Tony La Russa uses hairspray.

The newly-crowned and paraded World Champion St. Louis Cardinals called a press conference Monday morning. Initial speculation wondered if the Cards had somehow wrangled a long-term contract out of Albert Pujols. Other, more cautious spectators imagined that it was about a contract extension for catcher Yadier Molina. At least one person thought the Cards were making an announcement about the latest Wezen-Ball post.

Instead, the Cardinals shocked the baseball world by announcing the retirement of 34-year-veteran manager Tony La Russa. It would make La Russa the first manager in history to retire following a World Series victory. Considering that the announcement came less than 72 hours after the final out of the Series, it must not have been that difficult of a decision for La Russa.

It's been a long time since the world was without the big-brained manager. La Russa has been managing almost continuously since August 2, 1979, when he took over the reigns of the Chicago White Sox from Don Kessinger. The only gap in his employment came in 1986, when Chicago General Manager Hawk Harrelson – yes, that Hawk Harrelson – fired him 64 games into the season. He was hired some three weeks later by the A's and has been managing ever since.

It's a bit difficult to imagine what baseball must have been like with a wide-eyed La Russa taking the bench for the first time, before he became synonymous with pitching changes, utility infielders, and, oh yes, superstar-slugging first-basemen. Thankfully, the historic record is there to give us a reminder. Let's take a look at how manager Tony La Russa was viewed through the years.

Tony's first full-year as a manager came in 1980, as his 27-27 record the last two months of the 1979 season seemed to impress the White Sox owners. This is how the writers of the 1980 Street & Smith's Baseball Yearbook described him:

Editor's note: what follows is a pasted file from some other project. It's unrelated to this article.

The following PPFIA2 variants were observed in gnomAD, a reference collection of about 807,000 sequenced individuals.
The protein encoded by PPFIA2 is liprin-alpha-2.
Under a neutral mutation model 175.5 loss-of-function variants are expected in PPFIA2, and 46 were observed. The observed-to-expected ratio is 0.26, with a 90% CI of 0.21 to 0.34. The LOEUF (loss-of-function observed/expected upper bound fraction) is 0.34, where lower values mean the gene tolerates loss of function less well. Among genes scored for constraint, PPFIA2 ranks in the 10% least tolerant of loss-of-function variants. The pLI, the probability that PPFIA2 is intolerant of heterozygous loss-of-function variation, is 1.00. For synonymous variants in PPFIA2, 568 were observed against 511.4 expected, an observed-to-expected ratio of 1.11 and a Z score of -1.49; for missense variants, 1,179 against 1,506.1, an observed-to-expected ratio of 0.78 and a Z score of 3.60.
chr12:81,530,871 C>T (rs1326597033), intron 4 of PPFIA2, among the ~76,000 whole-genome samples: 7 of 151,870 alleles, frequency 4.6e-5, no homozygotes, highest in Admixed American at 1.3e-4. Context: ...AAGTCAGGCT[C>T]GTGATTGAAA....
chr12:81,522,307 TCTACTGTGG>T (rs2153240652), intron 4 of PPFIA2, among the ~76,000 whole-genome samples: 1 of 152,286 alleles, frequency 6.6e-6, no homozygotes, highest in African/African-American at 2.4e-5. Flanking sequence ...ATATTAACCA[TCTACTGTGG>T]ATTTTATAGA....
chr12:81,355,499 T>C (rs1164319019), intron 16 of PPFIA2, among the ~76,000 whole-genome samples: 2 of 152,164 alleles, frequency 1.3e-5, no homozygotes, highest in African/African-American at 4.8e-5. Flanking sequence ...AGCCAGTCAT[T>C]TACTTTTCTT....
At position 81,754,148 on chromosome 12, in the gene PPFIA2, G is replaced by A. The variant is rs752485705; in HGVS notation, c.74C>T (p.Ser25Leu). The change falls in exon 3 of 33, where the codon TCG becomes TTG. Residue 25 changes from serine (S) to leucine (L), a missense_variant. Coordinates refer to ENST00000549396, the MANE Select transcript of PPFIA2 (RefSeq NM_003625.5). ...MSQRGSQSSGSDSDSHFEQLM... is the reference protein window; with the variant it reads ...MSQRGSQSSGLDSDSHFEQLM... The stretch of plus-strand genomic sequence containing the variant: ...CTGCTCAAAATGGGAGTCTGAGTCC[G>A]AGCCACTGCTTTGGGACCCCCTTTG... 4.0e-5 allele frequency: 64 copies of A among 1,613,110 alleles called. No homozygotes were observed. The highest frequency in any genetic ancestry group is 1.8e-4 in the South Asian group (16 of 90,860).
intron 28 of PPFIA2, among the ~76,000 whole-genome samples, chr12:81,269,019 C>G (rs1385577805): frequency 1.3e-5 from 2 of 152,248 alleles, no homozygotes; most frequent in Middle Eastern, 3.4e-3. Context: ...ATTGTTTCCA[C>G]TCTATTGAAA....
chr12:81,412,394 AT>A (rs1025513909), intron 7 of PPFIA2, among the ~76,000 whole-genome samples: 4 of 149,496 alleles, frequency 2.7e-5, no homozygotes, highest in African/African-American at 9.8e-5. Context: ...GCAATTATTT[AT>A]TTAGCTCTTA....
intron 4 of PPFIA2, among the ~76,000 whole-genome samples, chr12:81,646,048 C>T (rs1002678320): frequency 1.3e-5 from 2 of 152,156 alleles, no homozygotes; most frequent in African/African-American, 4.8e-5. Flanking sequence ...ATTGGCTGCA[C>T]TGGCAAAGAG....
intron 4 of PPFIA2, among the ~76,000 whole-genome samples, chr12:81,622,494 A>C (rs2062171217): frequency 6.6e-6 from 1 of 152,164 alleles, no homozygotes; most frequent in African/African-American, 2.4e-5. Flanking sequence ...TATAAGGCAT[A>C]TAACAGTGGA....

The White Sox have the only manager in modern history licensed to practice law. But even though Tony LaRussa passed the Florida bar last winter, you'll find more baseball statistics than legal briefs in his possession. The 35-year-old barrister-manager prefers to keep his case-load on the baseball field, and to that end, his White Sox were 27-27 after he took over last Aug 2.

LaRussa isn't predicting pennant, but this low-key manager who was raised a few doors away from Al Lopez's old home in Ybor City, Fla., knows full well his White Sox are housed in a division which some have said, "Nobody seems to want to win."

As we can see, the LaRussa-as-law-school-genius talk began awfully early in his career. What I find most interesting, though, is the reference to "baseball statistics" and his description as a "low-key manager". I'm not sure those words are used alongside La Russa all that much these days.

The rest of La Russa's 7+ years stint with the White Sox was a bit tumultuous, with Tony fighting for his job after a disappointing first half in 1982 (after he "brazenly picked his emerging team to win the American Leeague West") and then nearly leaving the team at the start of the 1986 season. He did come back for that campaign, but didn't make it out of June under the questionable eye of Hawk Harrelson.

The A's quickly snatched up the unemployed manager. As the 1987 Street & Smith's points out, Oakland's play (much like those '79 White Sox) improved under La Russa's tutelage.

But a resurgence under midseason manager Tony LaRussa made them one of baseball's most improved teams in the second half.

It was a good situation to be in, with Jose Canseco and Mark McGwire joining the squad at the same time as La Russa. He was also introduced to Dennis Eckersley early into his stint with Oakland, a pairing that will go down for the ages. By 1990, La Russa had mastered his bullpen philosophy so well that The Sporting News Baseball Guide said this: